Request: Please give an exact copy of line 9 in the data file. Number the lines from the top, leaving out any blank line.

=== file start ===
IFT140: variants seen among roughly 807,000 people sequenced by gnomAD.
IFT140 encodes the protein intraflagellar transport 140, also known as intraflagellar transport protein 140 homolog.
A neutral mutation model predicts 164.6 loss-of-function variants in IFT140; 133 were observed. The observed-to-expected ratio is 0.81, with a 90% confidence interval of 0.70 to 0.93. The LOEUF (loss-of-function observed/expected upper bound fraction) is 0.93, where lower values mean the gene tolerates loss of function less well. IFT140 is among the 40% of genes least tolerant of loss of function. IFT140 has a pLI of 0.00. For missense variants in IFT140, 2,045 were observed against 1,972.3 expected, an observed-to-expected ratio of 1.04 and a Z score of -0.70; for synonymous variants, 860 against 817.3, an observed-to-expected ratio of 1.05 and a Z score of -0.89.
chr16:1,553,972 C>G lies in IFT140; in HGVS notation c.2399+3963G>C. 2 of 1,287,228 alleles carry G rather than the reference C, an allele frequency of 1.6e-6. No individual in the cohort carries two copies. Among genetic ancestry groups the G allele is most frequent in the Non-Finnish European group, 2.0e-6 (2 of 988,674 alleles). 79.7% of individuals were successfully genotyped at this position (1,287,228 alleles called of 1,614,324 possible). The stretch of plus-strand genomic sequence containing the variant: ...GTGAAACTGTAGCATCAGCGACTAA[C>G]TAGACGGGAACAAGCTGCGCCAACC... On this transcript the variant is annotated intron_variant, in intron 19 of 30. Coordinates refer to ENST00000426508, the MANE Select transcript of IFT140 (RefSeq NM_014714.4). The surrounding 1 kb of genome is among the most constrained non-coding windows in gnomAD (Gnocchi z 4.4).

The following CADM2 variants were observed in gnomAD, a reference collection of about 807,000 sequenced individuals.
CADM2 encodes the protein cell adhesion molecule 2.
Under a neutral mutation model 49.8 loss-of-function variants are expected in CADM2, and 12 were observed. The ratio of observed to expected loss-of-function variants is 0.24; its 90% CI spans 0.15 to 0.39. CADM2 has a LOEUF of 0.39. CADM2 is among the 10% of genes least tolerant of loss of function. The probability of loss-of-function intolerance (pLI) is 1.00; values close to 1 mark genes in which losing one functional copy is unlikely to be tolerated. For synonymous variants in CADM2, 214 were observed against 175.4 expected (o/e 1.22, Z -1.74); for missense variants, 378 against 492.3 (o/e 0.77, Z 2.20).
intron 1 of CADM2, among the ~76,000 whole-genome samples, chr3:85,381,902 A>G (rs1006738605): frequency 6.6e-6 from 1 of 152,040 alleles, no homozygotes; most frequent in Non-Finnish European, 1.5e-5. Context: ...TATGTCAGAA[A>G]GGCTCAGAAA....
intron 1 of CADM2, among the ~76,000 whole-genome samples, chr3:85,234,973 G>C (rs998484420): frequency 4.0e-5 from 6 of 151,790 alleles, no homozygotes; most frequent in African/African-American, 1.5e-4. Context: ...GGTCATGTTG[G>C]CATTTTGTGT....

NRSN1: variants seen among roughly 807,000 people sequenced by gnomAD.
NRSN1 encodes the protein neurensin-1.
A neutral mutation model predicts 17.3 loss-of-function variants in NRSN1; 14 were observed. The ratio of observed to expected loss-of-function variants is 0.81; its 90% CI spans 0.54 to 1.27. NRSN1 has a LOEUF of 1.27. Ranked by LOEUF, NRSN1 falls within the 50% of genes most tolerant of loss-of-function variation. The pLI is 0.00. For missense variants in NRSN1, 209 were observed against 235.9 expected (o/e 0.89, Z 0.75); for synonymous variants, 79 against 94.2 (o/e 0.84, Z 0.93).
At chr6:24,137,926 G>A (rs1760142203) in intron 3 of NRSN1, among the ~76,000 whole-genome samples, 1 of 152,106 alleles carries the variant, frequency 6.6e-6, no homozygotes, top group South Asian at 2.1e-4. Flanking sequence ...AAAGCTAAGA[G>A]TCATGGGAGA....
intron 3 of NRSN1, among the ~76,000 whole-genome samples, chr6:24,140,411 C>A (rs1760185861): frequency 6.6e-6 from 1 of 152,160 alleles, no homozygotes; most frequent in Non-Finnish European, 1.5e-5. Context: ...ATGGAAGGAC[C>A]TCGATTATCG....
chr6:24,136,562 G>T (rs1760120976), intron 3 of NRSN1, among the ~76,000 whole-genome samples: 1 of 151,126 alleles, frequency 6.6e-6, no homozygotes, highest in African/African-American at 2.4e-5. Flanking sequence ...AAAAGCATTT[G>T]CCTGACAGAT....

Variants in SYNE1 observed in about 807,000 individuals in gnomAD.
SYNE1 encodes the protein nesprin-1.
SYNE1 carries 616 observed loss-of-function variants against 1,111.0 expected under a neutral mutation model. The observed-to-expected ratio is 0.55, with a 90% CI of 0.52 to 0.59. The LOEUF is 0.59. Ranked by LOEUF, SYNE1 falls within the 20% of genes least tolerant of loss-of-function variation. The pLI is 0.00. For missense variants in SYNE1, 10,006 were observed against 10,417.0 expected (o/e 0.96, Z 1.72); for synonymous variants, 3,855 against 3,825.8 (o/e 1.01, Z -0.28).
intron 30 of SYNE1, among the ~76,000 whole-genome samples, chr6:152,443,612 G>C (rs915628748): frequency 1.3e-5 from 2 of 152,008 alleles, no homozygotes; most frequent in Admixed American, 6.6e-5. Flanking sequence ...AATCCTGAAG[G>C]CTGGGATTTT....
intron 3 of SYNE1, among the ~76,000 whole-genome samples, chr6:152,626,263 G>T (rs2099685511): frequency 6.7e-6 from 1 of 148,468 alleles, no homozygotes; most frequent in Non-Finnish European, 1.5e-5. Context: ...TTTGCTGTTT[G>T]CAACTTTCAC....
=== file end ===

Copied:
intron 1 of CADM2, among the ~76,000 whole-genome samples, chr3:85,234,973 G>C (rs998484420): frequency 4.0e-5 from 6 of 151,790 alleles, no homozygotes; most frequent in African/African-American, 1.5e-4. Context: ...GGTCATGTTG[G>C]CATTTTGTGT....